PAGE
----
Holistic Management on Carna
Wilderculture Carna Aims:
The Isle of Carna is a beautiful 600 Acre Island in Loch Sunart on the West Coast of Scotland and is a haven for wildlife.
Want to Get Involved?
Our classroom sessions will be help in our wilderness yurt which is on the remote West side of the Island. There is a 40-minute walk to get to the classroom across wild and rugged terrain. A reasonable level of fitness and agility will be required for our basic daily activities.
Day 1: Introduction to the Island and welcome picnic. Waking up the senses. While walking we will learn how to listen, smell, touch and see what is happening in our environment. This is the foundation to good land management and helps to re-root us to the land. This ability also helps us develop a nature-based mindfulness practice which is becoming widely recognised as being helpful to human well-being and learning how to ‘feel’ again.
Day 2: Developing a holistic perspective is essential to holistic management. Holistic Management differs from other land management practices as we understand that we can’t simply manage land, we must manage the ‘whole’ that includes the land but is influenced by people and governed by economics. We must also consider all the interconnected wholes with which we will undoubtedly influence and what outside influences will affect our management. To illustrate this, we will start with a classroom session on climate change learning about the mechanisms mother earth developed to keep our wider ecosystem cool and habitable. Our afternoon session will be a practical land management session that will depend on the weather and the season – we’ll be getting dirt under our finger nails and using all our senses while helping our land regenerate itself.
Day 3: Delving deeper into the four individual ecosystem processes we will be talking community dynamics and the predator prey relationship. A classroom start learning about trophic cascades and the complex web of life. This will be followed by a walk looking at natural succession and the importance of having or mimicking the herbivores and predators in an ecosystem. After lunch we will have a practical land management session working with the tool of living organisms; it could be big hairy cows or microscopic creatures. We will then have a session on the importance of community in the human species and how we as a social species can rekindle this missing element in a modern context. We will look at how important complexity is in our diet and the difference between the diets of healthy hunter gatherer populations and our own – and especially its impact on our gut health. We will end the day learning about the importance of myth and story telling on informing the underlying principles that governs any culture. We will have an evening of storytelling by the fire on the sea shore where we will learn how to create new stories as well as listen to some traditional tales that may have been forgotten by our modern culture.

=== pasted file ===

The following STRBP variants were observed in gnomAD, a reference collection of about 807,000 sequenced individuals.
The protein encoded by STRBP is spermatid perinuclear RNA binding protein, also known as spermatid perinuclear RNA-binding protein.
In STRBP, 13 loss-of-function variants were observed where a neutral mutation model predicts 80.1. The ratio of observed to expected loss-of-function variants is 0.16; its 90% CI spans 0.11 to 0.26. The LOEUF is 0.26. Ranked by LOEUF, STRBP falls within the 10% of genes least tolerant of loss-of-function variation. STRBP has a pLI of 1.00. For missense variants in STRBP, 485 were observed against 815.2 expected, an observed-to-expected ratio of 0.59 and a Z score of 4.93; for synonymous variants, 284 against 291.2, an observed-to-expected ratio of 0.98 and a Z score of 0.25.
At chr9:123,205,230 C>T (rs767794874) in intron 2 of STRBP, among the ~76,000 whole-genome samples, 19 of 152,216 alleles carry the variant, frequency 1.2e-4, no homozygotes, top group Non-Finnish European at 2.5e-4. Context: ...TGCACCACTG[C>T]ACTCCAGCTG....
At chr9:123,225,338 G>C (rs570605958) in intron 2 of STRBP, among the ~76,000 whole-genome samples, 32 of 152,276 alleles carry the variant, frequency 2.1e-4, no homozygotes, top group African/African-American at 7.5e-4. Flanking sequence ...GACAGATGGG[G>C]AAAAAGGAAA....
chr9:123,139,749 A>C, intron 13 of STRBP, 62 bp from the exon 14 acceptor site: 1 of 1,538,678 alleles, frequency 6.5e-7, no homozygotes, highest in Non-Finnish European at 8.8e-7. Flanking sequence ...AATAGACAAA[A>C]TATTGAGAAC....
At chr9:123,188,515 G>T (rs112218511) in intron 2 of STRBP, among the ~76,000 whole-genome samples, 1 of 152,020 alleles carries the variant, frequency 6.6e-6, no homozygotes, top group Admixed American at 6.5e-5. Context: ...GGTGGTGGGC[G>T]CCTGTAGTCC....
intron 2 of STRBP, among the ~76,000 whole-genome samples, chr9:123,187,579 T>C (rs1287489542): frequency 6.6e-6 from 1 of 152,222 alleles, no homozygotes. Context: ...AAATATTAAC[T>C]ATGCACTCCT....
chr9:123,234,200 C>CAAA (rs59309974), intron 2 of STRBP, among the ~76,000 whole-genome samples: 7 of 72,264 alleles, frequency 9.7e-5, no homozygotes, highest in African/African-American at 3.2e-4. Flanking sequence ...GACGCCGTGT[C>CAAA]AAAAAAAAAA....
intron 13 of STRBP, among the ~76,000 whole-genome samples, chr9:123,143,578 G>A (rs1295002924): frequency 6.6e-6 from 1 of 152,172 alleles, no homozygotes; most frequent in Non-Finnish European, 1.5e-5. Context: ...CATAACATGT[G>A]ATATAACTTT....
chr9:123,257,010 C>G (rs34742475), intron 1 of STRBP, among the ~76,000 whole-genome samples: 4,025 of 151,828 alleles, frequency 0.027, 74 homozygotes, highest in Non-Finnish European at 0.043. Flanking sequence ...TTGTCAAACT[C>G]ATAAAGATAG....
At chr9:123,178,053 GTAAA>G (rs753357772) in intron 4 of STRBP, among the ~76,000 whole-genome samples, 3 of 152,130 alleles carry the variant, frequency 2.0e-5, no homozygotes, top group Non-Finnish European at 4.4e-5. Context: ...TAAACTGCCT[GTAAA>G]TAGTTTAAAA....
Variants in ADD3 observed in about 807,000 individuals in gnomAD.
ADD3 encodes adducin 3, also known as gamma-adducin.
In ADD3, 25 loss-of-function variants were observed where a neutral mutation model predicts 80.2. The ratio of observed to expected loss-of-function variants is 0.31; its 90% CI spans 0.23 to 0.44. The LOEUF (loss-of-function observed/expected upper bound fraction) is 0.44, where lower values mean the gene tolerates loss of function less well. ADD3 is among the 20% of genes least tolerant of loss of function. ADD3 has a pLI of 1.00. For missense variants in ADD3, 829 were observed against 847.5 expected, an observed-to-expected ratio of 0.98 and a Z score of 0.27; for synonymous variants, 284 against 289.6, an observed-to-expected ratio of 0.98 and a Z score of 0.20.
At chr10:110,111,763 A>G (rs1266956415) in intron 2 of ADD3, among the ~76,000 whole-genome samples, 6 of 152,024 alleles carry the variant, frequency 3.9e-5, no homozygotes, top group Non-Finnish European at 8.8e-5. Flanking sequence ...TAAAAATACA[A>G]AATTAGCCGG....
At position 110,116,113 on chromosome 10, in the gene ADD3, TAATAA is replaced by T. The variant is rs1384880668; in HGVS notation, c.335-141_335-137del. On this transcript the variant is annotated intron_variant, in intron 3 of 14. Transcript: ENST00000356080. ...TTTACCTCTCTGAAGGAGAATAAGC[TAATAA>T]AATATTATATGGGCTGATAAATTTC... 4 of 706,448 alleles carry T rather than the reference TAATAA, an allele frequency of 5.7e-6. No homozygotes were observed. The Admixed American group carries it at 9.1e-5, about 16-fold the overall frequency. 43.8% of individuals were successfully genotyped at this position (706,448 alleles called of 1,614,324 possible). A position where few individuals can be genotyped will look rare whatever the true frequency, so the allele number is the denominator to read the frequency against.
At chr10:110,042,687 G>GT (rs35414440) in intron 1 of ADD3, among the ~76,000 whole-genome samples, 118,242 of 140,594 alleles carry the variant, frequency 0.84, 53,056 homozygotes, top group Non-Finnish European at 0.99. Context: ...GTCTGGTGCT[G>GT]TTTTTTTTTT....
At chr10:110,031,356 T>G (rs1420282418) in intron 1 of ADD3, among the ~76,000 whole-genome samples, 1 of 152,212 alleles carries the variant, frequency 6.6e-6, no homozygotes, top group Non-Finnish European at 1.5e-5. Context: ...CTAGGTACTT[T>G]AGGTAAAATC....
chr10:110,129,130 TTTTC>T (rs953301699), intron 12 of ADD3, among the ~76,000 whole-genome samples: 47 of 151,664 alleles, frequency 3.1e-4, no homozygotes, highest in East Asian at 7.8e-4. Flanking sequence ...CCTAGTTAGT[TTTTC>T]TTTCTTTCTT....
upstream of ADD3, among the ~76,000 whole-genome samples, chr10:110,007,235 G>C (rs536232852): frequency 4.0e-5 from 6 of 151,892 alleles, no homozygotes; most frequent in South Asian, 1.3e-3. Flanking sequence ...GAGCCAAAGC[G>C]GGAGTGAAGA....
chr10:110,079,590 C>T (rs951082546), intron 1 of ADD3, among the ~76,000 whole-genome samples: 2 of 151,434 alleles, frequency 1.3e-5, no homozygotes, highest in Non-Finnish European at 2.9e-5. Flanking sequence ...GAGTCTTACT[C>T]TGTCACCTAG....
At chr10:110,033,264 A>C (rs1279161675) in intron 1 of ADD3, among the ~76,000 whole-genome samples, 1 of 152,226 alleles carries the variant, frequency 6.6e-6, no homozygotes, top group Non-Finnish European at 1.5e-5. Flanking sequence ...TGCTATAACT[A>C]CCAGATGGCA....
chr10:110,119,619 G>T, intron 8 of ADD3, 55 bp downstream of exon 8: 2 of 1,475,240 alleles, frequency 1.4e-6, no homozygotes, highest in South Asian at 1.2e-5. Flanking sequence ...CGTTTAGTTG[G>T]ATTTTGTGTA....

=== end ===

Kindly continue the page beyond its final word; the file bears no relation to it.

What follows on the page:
Day 4: A day to do what you like. Enjoy the wild space on your own or take a trip to a nearby Island to get supplies.
Day 5: Today will start with a classroom session on the water cycle. Following on from our climate 101 session we will look at the more local water cycle and what has gone drastically wrong with this important function in the UK. We will look at how to monitor the symptoms of a poor water cycle on the land what management we can adopt to improve it. We will look at the pro’s and cons of rewetting a landscape while undertaking a practical session working on one of our projects to try and improve the hydrology of the land. We will learn about the importance of managing livestock health proactively by addressing ecosystem function. To minimise fluke infestation in the herbivore population we are using techniques to impact the fluke’s life cycle at its weak link. We will talk about the importance of hydration on the human body and how to go about finding a healthy water source in your region. This evening there will be more stories round the fire. You will get the chance to tell your own story or myth or just relax and enjoy the firelight experience.
Day 6: Today we will be looking at the mineral cycle and energy flow. We will start with a classroom session looking at the complex ways in which our plants, animals and humans get the 42 (or more) essential nutrients required for optimal health and disease resistance. We will look at the importance of sunlight on human health and discover how optimising energy flow and mineral cycling is essential to creating elevated levels of biodiversity and why many ecological restoration projects fail. We will learn how all food comes from sunlight and that photosynthesis is the key to how much food we produce per acre as well as how we can effectively rebuild our degrading soils. We will spend a few hours actively managing the land for optimal mineral cycling and energy flow.
Day 7: Dawn walk. We will get up early and take a walk at sunrise. As we walk we will discuss the ways in which you can take what you have learned and use it in your own life or work. We will give you access to our Wildervore online learning programme to further develop your skills and knowledge. You will be invited to become ambassadors of Wilderculture and if you desire our team will support you to initiate projects in your own environment. Say goodbye and return home.